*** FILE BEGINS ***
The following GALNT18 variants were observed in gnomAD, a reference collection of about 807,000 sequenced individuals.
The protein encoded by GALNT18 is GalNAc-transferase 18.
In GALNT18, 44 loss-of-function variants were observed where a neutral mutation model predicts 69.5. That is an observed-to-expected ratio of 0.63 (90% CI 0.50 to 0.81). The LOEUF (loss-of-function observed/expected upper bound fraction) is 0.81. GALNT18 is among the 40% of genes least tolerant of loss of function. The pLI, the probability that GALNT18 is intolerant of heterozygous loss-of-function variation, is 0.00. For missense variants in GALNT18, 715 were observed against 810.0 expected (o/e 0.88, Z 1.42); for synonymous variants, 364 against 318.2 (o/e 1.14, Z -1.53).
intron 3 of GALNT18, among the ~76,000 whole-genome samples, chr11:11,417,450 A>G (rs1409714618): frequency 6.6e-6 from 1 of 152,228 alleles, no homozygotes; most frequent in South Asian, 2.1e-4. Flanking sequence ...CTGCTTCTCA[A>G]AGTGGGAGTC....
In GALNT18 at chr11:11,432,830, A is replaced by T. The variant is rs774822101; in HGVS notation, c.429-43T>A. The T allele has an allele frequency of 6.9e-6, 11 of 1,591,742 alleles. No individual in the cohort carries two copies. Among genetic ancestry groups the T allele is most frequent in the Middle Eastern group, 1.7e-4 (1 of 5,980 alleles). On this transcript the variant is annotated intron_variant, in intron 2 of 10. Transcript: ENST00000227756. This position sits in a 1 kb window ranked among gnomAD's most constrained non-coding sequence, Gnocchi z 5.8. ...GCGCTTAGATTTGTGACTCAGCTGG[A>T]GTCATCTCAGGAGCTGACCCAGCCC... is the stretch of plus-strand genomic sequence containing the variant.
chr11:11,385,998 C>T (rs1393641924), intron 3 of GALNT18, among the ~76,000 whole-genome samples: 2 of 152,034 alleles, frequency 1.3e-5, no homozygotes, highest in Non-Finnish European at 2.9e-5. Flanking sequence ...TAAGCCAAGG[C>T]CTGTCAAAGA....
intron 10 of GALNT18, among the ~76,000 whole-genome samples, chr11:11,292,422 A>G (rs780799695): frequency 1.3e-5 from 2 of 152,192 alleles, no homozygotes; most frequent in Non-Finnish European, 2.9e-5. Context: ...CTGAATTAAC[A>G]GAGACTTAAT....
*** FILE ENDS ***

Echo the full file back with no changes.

The following GALNT18 variants were observed in gnomAD, a reference collection of about 807,000 sequenced individuals.
The protein encoded by GALNT18 is GalNAc-transferase 18.
In GALNT18, 44 loss-of-function variants were observed where a neutral mutation model predicts 69.5. That is an observed-to-expected ratio of 0.63 (90% CI 0.50 to 0.81). The LOEUF (loss-of-function observed/expected upper bound fraction) is 0.81. GALNT18 is among the 40% of genes least tolerant of loss of function. The pLI, the probability that GALNT18 is intolerant of heterozygous loss-of-function variation, is 0.00. For missense variants in GALNT18, 715 were observed against 810.0 expected (o/e 0.88, Z 1.42); for synonymous variants, 364 against 318.2 (o/e 1.14, Z -1.53).
intron 3 of GALNT18, among the ~76,000 whole-genome samples, chr11:11,417,450 A>G (rs1409714618): frequency 6.6e-6 from 1 of 152,228 alleles, no homozygotes; most frequent in South Asian, 2.1e-4. Flanking sequence ...CTGCTTCTCA[A>G]AGTGGGAGTC....
In GALNT18 at chr11:11,432,830, A is replaced by T. The variant is rs774822101; in HGVS notation, c.429-43T>A. The T allele has an allele frequency of 6.9e-6, 11 of 1,591,742 alleles. No individual in the cohort carries two copies. Among genetic ancestry groups the T allele is most frequent in the Middle Eastern group, 1.7e-4 (1 of 5,980 alleles). On this transcript the variant is annotated intron_variant, in intron 2 of 10. Transcript: ENST00000227756. This position sits in a 1 kb window ranked among gnomAD's most constrained non-coding sequence, Gnocchi z 5.8. ...GCGCTTAGATTTGTGACTCAGCTGG[A>T]GTCATCTCAGGAGCTGACCCAGCCC... is the stretch of plus-strand genomic sequence containing the variant.
chr11:11,385,998 C>T (rs1393641924), intron 3 of GALNT18, among the ~76,000 whole-genome samples: 2 of 152,034 alleles, frequency 1.3e-5, no homozygotes, highest in Non-Finnish European at 2.9e-5. Flanking sequence ...TAAGCCAAGG[C>T]CTGTCAAAGA....
intron 10 of GALNT18, among the ~76,000 whole-genome samples, chr11:11,292,422 A>G (rs780799695): frequency 1.3e-5 from 2 of 152,192 alleles, no homozygotes; most frequent in Non-Finnish European, 2.9e-5. Context: ...CTGAATTAAC[A>G]GAGACTTAAT....